If you answered “with a regular camera” to any of the above I want you to punch yourself in the eye because that is not the point of this exercise. All hail the shortcut, whichever one you practice.
The victim was an adjunct professor, which is not tenure-track. The victim got a C in a Shakespeare class in college because he’d smoked too much weed the night before and overslept the final. The victim often blamed his grades that semester on quote unquote “being a scared teenager on his own in New York after 9/11.” The victim did mushrooms on three separate occasions from the ages of 17–27: the first time the victim laughed at a library for over an hour. The victim had a beer just the other day at a bar and it calmed his nerves something glorious and he had the notion of just quote unquote “saying fuck it and getting wasted.” The victim was a known abuser of Internet pornography, which authorities say he never paid for, except in guilt. The victim, despite having attended an Ivy League university, never earned more than $50,000 in a fiscal year. After college, the victim was once stopped by two police officers in the subway after wandering through an open subway gate. The officers groped the victim’s empty coat pockets asking if he had drugs on him. He did not, but he wished, afterwards, for drugs to still the express train of his heart. The victim’s heart often defied him by keeping a faster beat than that of slow-dripping history. As when the victim would walk past a squad car in later years. As when a white woman on the train would wedge herself into a scrum of whites across the aisle rather than reside in the depressions nearest him. As when, in a bar in Chicago, a white man kindly leaned over and, smiling, whispered, “If anything comes up missing, I’m coming for you.” As when the victim would open the news on his phone and see the sympathetic chiaroscuro of another white supremacist set against the grainy scowling selfie of another black victim who had somehow not been him. The victim’s life has been truncated, but who’s to say how much longer he would have lived anyway, what with his self-documented thoughts of suicide. The victim’s death was no great loss. The victim was no angel, had no wings, no halo, and not a single ruddy cheek. The victim maybe wasn’t such a victim after all.
The Last Paragraph Of A News Article On My Murder By A White Supremacist was originally published in The Awl on Medium, where people are continuing the conversation by highlighting and responding to this story.
Liana Finck’s work appears in The New Yorker and Catapult, and on her Instagram feed. Her first book, A Bintel Brief, was published by Ecco Press in 2014.
I’ve never understood clean people or the need to celebrate the coming of Spring by moving everything around. People who care about cleanliness already dominate the airwaves with their advice about having to be insanely clean at all times. Like if you drop a sock somewhere it must be put in a Tupperware container labeled “Dropped Socks.” And then filed somewhere under “Found Socks: Not My Socks.” With some kind of triplicate paperwork to be filled out.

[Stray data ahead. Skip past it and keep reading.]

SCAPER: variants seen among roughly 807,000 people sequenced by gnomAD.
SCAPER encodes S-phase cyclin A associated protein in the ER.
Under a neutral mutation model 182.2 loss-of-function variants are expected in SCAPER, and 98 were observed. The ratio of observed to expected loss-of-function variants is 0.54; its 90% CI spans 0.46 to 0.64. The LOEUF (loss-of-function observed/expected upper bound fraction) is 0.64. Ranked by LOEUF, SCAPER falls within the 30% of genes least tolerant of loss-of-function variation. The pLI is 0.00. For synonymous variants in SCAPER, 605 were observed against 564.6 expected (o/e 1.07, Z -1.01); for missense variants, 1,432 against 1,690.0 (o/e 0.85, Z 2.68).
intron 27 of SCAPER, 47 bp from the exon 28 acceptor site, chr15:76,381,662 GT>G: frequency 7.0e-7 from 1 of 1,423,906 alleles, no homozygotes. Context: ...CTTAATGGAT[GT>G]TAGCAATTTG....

There are whole rooms of my apartment I don’t go in because I’m afraid raccoons may be in them. We used to have a cat that would warn us when things were awry in our living conditions. Now we think the cat is on their side. It’s all very mysterious.
If I were to clean, it would be because I was looking for a Gumby costume or something. Then I clean only enough to find the Gumby suit under all the other crap I have all over the place. There is a layer of laundry that covers all things in my part of the apartment. Which is weird because I’m usually naked whenever I’m walking around. Sometimes I alternate nudity with trying on different things, seeing if they still fit. Frowning at a sombrero that used to fit me when my head was less swollen from eating cheese. Putting my Lost Dharma Initiative jumpsuit. Sighing that it is a little tight.
If you’re going to clean you should really spend at least two, possibly three, days in bed contemplating the task in the dark with the covers pulled up all the way over your eyes. I cannot find the covers because my apartment is pretty messy, so I use whatever is close at hand. If you still feel like cleaning after those days are up then something must be pretty serious. Your roommate may be trapped under a falling couch. Or you have misplaced a pizza under a pile of old copies of The Economist. In these cases natural instinct just takes over. You dig and dig until you find pizza or bone.
But any other attempt at straightening should not be entered into lightly. While placing something in a closet, you displace the spot for another thing. If you put old clothes in a box, you will find, inevitably, another clothes somewhere else. It is like a Möbius strip of things. And somehow you are always the one who has to do something about the clothes. There is no one else. There used to be a character named Mommy that would help you with such projects. She’s in Arizona. And doesn’t like coming to your apartment because your choices “make her sad.” And yet someone every year for the holidays buys you a giant bag of sweaters and underpants. It’s all very confusing. And should not be contemplated while being upright.